The age-old refrain, "Eat your vegetables!" gets scientific support as researchers present the latest findings on cancer prevention. New data demonstrates how diets full of raw vegetables -- particularly broccoli sprouts -- and black raspberries could prevent or slow the growth of some common forms of cancer.
Broccoli Sprouts. Your mom was right when she told you to eat your broccoli, or at least your broccoli sprouts. Researchers have found that this rich source of isothiocyanates (ITCs) -- a well-known class of cancer prevention agents -- could play a direct role in preventing bladder cancer.
"The bladder is like a storage bag, and cancers in the bladder occur almost entirely along the inner surface, the epithelium," said senior author Yuesheng Zhang, M.D., Ph.D, professor of oncology at Roswell Park Cancer Institute. "The ITCs in broccoli sprout extracts after oral ingestion are selectively delivered to the bladder epithelium."
Zhang and his colleagues found that freeze-dried aqueous extract of broccoli sprouts significantly, and dose-dependently, inhibited bladder cancer development. The incidence, multiplicity, size and progression of bladder cancer were all inhibited by the extract, while the extract itself caused no observable changes in the bladder. This protective effect of the extracts was associated with a significant increase in the bladder of several enzymes that are known to protect against oxidants and carcinogens, Zhang says.
"Cooking can reduce 60 to 90 percent of ITCs," says Li Tang, M.D., Ph.D. of Roswell Park Cancer Institute. "Heating destroys the enzyme that converts the precursor glucosinolates into ITCs, and also destroys ITCs already formed, which is why you need to eat cruciferous vegetables raw rather than cooked to receive the food's maximum benefit."
Black Raspberries. These berries can protect against esophageal cancer by reducing oxidative stress in patients with Barrett's esophagus (BE), a pre-cancerous condition that usually arises due to gastroesophageal reflux disease, report researchers at The Ohio State University.
According to the researchers, BE patients have a 30- to 40-fold increased risk of developing esophageal adenocarcinoma (EAC), the fastest growing cancer in terms of incidence in the United States.
EAC is a deadly cancer with a 15 percent five-year survival rate; an estimated 14,000 people will die from esophageal cancer in the U.S. in 2008. Moreover, a number of treatment options are available to BE patients for symptom relief, researchers say, but none has proven curative or eliminated the risk of cancer progression.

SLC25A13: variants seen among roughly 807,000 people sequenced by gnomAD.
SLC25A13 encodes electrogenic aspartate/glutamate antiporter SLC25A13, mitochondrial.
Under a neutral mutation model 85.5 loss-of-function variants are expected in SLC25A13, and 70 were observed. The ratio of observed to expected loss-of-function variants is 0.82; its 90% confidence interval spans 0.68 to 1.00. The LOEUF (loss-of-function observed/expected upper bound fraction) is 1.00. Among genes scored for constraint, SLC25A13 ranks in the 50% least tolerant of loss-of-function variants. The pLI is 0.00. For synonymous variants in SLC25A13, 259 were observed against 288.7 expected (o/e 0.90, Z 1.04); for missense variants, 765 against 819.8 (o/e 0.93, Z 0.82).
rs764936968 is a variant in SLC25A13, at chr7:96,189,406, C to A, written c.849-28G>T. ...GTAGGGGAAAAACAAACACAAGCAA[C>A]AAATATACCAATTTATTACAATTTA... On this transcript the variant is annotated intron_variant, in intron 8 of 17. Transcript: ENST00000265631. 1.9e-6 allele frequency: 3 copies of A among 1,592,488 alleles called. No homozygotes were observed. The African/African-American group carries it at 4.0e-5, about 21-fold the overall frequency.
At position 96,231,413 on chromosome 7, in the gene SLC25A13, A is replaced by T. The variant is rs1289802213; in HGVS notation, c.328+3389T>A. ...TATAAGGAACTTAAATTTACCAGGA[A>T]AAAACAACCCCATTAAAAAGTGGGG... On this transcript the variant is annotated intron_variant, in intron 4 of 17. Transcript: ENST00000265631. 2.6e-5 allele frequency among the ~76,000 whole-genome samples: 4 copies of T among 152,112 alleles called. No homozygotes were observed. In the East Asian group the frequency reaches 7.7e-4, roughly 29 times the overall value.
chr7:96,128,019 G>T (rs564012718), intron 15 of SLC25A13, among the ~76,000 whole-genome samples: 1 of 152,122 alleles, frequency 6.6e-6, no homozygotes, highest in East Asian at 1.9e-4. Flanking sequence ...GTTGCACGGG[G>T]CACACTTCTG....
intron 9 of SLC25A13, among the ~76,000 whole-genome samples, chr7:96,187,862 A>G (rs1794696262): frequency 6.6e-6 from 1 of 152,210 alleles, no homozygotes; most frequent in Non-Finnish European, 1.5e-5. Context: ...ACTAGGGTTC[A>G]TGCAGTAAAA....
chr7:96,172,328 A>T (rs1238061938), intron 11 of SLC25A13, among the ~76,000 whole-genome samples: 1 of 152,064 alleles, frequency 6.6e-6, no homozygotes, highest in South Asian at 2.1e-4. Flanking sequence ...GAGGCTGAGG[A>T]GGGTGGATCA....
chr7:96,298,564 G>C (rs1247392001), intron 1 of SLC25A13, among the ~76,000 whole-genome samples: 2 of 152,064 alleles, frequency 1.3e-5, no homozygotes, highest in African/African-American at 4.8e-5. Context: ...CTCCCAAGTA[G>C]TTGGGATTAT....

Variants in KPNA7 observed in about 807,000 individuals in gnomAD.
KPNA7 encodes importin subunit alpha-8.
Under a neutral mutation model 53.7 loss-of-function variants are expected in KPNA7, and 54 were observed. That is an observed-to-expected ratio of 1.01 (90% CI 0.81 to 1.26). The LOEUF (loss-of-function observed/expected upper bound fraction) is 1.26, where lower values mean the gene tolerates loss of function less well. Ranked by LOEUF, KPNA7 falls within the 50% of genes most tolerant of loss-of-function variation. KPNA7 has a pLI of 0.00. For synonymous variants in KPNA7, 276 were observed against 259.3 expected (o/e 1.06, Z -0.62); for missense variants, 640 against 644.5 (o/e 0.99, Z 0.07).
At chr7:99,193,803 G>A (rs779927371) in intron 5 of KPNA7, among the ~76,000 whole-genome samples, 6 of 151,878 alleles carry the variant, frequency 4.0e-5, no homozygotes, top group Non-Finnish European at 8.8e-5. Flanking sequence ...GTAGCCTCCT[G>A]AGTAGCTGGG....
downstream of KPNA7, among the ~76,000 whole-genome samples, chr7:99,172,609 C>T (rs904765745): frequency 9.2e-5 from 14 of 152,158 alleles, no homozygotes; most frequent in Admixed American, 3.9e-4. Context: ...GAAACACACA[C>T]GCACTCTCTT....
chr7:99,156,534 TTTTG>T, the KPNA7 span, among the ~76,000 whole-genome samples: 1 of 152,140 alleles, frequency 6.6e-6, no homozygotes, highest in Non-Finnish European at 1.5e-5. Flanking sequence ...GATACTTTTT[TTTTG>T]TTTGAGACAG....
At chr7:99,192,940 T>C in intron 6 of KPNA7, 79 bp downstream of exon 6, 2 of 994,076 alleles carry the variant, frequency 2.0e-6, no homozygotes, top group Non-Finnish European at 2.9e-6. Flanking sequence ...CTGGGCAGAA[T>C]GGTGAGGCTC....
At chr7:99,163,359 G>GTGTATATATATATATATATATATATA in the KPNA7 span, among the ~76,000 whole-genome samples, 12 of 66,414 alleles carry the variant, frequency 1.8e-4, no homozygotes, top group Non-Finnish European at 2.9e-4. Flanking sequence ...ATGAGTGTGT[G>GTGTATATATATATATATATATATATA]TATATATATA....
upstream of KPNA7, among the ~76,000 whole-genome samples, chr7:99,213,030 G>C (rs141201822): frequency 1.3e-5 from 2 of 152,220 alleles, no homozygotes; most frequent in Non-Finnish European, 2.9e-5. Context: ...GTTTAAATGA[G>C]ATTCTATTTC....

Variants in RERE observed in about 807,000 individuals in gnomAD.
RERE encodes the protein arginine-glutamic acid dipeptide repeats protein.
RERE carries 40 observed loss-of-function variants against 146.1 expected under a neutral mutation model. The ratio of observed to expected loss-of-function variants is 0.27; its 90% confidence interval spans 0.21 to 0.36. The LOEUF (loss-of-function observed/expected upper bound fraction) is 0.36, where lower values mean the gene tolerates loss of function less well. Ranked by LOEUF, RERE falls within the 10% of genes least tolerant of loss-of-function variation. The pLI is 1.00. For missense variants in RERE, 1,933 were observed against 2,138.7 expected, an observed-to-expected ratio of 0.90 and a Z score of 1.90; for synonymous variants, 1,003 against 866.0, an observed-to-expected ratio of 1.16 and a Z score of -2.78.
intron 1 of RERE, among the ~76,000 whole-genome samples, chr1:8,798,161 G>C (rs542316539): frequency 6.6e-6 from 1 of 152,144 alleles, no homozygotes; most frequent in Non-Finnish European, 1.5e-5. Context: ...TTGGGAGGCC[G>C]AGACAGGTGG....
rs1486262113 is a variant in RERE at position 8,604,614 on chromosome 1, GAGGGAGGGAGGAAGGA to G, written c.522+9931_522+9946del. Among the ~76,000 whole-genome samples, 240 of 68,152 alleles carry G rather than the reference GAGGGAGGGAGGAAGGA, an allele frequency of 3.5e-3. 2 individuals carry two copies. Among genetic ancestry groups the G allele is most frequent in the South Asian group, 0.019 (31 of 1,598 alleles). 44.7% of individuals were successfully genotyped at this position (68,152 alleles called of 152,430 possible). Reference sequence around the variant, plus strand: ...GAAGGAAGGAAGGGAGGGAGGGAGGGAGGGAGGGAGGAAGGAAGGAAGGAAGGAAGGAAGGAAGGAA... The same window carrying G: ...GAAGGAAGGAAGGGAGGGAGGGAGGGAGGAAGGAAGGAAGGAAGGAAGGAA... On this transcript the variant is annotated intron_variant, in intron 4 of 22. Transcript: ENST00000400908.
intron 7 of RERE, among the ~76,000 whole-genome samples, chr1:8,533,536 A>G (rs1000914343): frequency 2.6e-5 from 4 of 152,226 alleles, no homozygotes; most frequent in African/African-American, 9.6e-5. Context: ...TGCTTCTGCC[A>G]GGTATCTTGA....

"In addition to gastroesophageal reflux disease, increasing body mass index or body fatness is strongly associated with EAC development; whereas, plant-based diets and particularly increased fruit consumption has been associated with decreased risk for EAC," said Laura A. Kresty, Ph.D., assistant professor of at Ohio State University.
According to Kresty, research models of BE showed that black raspberries inhibited oral, esophageal and colon cancers. The studies showed that berries reduced measures of oxidative stress (the destruction done to cells by oxygen ions or small reactive molecules containing oxygen), decreased DNA damage, inhibited cellular proliferation rates, and reduced the number of pre-cancerous cells in the esophagus and colon.
"We can give black raspberries before we have any initiated cells, or we can administer after we already know we have initiated cells," Kresty said. "What's promising about the berries is that they work in both cases. There aren't nearly as many agents that work in the latter scenario."
In this study, BE patients ate 32 or 45 grams (female and male, respectively) of freeze-dried black raspberries daily for 26 weeks. After 26 weeks, patients experienced a statistically significant decline in levels of 8-Isoprostane, an indicator of global oxidative stress and DNA damage, which has been linked to the development of BE and EAC.
According to Kresty, 58 percent of patients experienced marked individual level declines of 8-Isoprostane. Among 37 percent of BE patients, the black raspberry regimen also resulted in increased tissue levels of GSTpi, an enzyme that detoxifies carcinogens and reactive oxidants.
"Black raspberries have a good profile in terms of tolerability -- many of the potential toxic side effects associated with a new drug are less of an issue because we are simply administering a food in a non-traditional manner," Kresty said. "Patients seem amenable to such an approach. They understand it and enjoy being able take positive action for potential health gains."
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